What is the difference between an e-book and a regular book anyway? Well, there are five notable ones that come immediately to my mind.
Firstly, of course, e-books don’t require expensive paper, ink, binding or the various printing and fabrication machinery that goes with all of that.
2. E-books don’t accrue warehousing costs.
3. E-books don’t have to be shipped by truck, train, ship or aircraft, or be handled by distributors.
So, e-books should be pretty cheap, right? Well, usually no. Most publishers who have an electronic version and a paper version of the same book charge close to the same price for both editions.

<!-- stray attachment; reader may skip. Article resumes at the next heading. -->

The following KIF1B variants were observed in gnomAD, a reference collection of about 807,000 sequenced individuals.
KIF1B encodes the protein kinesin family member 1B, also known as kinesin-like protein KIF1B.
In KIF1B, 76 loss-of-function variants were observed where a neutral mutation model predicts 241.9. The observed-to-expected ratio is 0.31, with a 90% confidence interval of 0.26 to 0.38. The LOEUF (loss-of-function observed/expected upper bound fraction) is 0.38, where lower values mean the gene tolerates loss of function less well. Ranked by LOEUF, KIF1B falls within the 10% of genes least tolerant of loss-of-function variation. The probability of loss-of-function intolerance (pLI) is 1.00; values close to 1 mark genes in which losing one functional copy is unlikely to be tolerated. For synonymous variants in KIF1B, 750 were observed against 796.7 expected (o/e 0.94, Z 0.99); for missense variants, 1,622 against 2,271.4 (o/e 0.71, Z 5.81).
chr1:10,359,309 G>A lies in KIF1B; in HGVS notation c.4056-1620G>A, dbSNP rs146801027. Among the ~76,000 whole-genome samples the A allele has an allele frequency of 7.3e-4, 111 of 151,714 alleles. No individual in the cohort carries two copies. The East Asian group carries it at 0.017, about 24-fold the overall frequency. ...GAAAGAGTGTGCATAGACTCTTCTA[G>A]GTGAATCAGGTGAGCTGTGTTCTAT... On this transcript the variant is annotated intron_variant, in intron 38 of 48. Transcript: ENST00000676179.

And that brings us to the last two differences:
4. E-books are often not formatted as well as their paper counterparts.
5. E-books often have more typographical errors than their paper editions.
Considering that the cost of producing e-books is described as ‘trivial’ or ‘pennies’ by publishers, I am forced to assume that few (or none) of those pennies go into proofreading the electronic editions.
It would be nice for the text to be at least identical between the two versions, but it seems that none of the revenue is being allocated to that. Where does that money end up going, anyway?